As I commented, the (NTFS) file system was dirty, as the error message was saying. So checking it (on Windows) with a chkdsk command (or the Windows equivalent of fsck) -to clean it- then rebooting Linux could be enough. If you absolutely need Windows with some data shared with Linux, you could consider using an Ext4 (or Ext3) file system (shared with ...


3

Firstly you shoud check if it hits the storage performance limit on either Windows or Ubuntu. If E: on Windows is a USB attached drive or memory card, 8MB/s is likely possible. Otherwise SSH encryption might be bottleneck. Try and see with lightweight cipher like arcfour. scp -o Cipher=arcfour -rv /cygdrive/e/plex caleb@192.168.1.126:/home/caleb/Desktop ...


3

There are multiple versions of RDP protocol: original 4.0, which is a clone of ITU-T T.128 protocol 5.0 - which is still used by rdesktop (and not even fully) 5.1, 5.2, 6.0, 6.1, 7.0, 8.1 and 8.1 As you can imagine, each new version of RDP is better, not only by introducing new features, but also by further improving performance and overall user ...


3

You can use "Remote Desktop Viewer" and connect using RDP protocol to windows machine (you need to allow this on windows side). You can't do this using ssh, since windows is not running sshd server nor X11 client by default.


3

I would suggest using FAT32. The reason is its usage on USB flash drives. Everybody uses USB flash drives, so every OS will support this file system. Of course many OS claim to support so many file systems, but this is the one foreign file system, which used all the time, so if there are problems they will soon be known and fixed. The one disadvantage of ...


3

Hi if you want to use the putty like use Openssh with -x you have to install XMING on your windows machine . it became like some sort of server then you have to config you putty to forward X11 of you ssh connection over this server Download Xming You can use this tutorials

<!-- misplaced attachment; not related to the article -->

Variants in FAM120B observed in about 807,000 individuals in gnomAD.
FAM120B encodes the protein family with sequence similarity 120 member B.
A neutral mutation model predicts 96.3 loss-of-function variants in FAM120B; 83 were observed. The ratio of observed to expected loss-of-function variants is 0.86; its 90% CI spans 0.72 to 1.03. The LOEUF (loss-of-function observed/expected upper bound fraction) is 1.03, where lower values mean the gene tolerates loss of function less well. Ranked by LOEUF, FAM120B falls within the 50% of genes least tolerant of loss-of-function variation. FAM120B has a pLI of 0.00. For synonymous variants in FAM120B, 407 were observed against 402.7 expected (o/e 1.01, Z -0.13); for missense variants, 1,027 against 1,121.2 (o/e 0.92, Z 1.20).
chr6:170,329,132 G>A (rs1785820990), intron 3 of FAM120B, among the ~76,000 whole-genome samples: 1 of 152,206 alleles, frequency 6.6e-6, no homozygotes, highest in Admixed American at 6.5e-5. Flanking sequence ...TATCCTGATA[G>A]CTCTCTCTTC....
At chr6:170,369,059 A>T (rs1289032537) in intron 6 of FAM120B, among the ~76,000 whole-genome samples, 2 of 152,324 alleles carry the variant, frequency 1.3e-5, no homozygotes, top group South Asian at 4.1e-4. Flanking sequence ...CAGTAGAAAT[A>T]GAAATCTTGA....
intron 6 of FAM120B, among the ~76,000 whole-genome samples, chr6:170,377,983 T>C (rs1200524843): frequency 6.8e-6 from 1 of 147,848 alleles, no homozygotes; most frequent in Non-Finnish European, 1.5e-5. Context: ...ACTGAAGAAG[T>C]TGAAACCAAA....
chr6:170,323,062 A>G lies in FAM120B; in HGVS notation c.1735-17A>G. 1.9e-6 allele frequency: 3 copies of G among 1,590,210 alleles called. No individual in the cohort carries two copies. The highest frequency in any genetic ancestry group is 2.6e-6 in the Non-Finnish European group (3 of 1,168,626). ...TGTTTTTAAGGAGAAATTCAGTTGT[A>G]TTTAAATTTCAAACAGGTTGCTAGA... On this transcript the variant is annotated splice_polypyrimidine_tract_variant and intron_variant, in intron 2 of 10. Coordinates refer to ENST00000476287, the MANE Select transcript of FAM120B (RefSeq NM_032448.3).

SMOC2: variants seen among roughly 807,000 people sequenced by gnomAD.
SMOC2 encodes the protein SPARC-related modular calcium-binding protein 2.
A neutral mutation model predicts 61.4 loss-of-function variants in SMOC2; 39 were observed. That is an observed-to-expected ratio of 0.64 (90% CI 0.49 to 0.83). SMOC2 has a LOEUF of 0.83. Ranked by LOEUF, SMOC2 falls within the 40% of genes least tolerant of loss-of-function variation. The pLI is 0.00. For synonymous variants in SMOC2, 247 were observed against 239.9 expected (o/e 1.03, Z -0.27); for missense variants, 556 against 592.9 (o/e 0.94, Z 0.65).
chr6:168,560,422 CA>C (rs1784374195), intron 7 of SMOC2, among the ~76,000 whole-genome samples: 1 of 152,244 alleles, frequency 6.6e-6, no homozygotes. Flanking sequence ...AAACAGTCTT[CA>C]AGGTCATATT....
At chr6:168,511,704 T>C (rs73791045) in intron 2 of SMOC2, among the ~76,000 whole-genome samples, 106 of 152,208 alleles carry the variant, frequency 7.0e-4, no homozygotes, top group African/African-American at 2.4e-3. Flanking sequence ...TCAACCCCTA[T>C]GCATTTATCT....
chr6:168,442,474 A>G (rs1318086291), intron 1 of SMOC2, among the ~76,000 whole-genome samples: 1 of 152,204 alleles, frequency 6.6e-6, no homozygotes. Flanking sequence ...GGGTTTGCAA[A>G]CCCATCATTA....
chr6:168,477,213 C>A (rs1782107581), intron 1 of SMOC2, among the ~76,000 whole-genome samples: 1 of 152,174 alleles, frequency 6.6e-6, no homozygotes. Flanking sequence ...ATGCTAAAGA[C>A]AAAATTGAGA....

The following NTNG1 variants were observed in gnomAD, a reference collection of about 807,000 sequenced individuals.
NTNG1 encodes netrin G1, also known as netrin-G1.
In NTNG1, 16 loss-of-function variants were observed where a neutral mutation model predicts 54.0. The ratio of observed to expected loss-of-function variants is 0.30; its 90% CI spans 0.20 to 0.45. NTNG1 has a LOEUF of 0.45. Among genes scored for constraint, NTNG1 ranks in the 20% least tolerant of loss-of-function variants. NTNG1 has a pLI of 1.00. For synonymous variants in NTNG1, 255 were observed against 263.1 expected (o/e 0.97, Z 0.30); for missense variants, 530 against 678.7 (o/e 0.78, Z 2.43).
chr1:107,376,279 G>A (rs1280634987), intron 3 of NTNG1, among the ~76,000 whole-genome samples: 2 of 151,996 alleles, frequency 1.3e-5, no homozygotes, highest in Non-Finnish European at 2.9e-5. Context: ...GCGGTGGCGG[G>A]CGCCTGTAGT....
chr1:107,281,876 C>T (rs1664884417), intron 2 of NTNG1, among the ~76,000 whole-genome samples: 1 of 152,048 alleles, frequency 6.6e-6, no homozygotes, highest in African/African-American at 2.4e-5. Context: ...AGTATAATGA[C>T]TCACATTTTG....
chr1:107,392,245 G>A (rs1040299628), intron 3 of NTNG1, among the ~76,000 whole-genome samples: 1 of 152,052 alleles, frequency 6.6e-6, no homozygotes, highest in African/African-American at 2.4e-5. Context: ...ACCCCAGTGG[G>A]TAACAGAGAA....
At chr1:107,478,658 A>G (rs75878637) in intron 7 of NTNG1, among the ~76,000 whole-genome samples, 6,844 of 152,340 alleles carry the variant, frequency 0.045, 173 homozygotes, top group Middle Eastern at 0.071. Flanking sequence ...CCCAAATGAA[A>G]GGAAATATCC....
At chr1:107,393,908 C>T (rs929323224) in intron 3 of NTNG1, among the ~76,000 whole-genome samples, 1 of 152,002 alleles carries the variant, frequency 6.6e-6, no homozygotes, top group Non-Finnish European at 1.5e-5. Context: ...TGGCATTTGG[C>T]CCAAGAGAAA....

3

Solution Using dos2unix solved the problem. $ dos2unix patterns.txt dos2unix: converting file /home/miguel/patterns.txt to Unix format ... $ file patterns.txt /home/miguel/patterns.txt: ASCII text And now grep -f works again. $ echo 'sandbox/test/script.py' | grep -G -f patterns.txt sandbox/test/script.py Hope this solution helps someone out with the ...


3

Unfortunately, somewhere on the way, you decided to encrypt your home directory, so basically, you need to restore from your most current system back-up. Sorry to be the harbinger of bad news


3

since kali 1.6 until kali 2.0 (sana) , i am pretty sure that kali on usb gives errors in most of cases ! except if you created your live usb using DD on a linux box. sudo dd if=/path/to/kali.iso of=/dev/sdX i can't tell you that if you're installing last kali distro (2016) i haven't tried it yet! but as suggestion here's another way to install ...


2

Try running sudo ntfsfix /dev/sdXY, where sdXY is the name of your device.


2

You should consider hping3. It has plenty of documentation, and it will probably be able to do what you want.


2

Most OS installers including the Ubuntu/Debian installer will create and enable a swap partition if you select all of the default options in the installer, in particular if you use automatic/guided partitioning. If you use manual partitioning at installation time or if you retain the partition table that already exists on the disk, then it's up to you ...


2

The ability to swap in Linux is dependent on configuration of a disk partition or a sufficiently large (specially formatted) file on an active mounted partition to operate. Generally when a system is semi-automatically installed there is one swap partition created, configured and put into the /etc/fstab file for use. OSX being a UNIX/Linux off-shoot is ...


2

I don't think this likely has anything to do with the mounting. Are you sure the CR characters are there originally in the file? Assuming they are not, you can use unix2dos to add them, though I haven't actually verified that exists for AIX. You could use sed like sed -i -e 's/\n/\r\n/g' <file> if you don't have unix2dos available. The -i flag ...


2

In similar cases, I've used WinSCP. It's a Windows SCP client that allows you to browse the Linux file system graphically and scp files back and forth between the 2 machines. Available here : http://winscp.net/eng/index.php


2

I see in my crystal ball that you're editing the file on a Windows machine. Windows and Linux have different ways of representing line breaks. On Linux (like any unix system), a line consists of a series of characters which ends with a line feed (LF = \n = Ctrl+J) character. On Windows, lines are separated by a two-character sequence: carriage return, then ...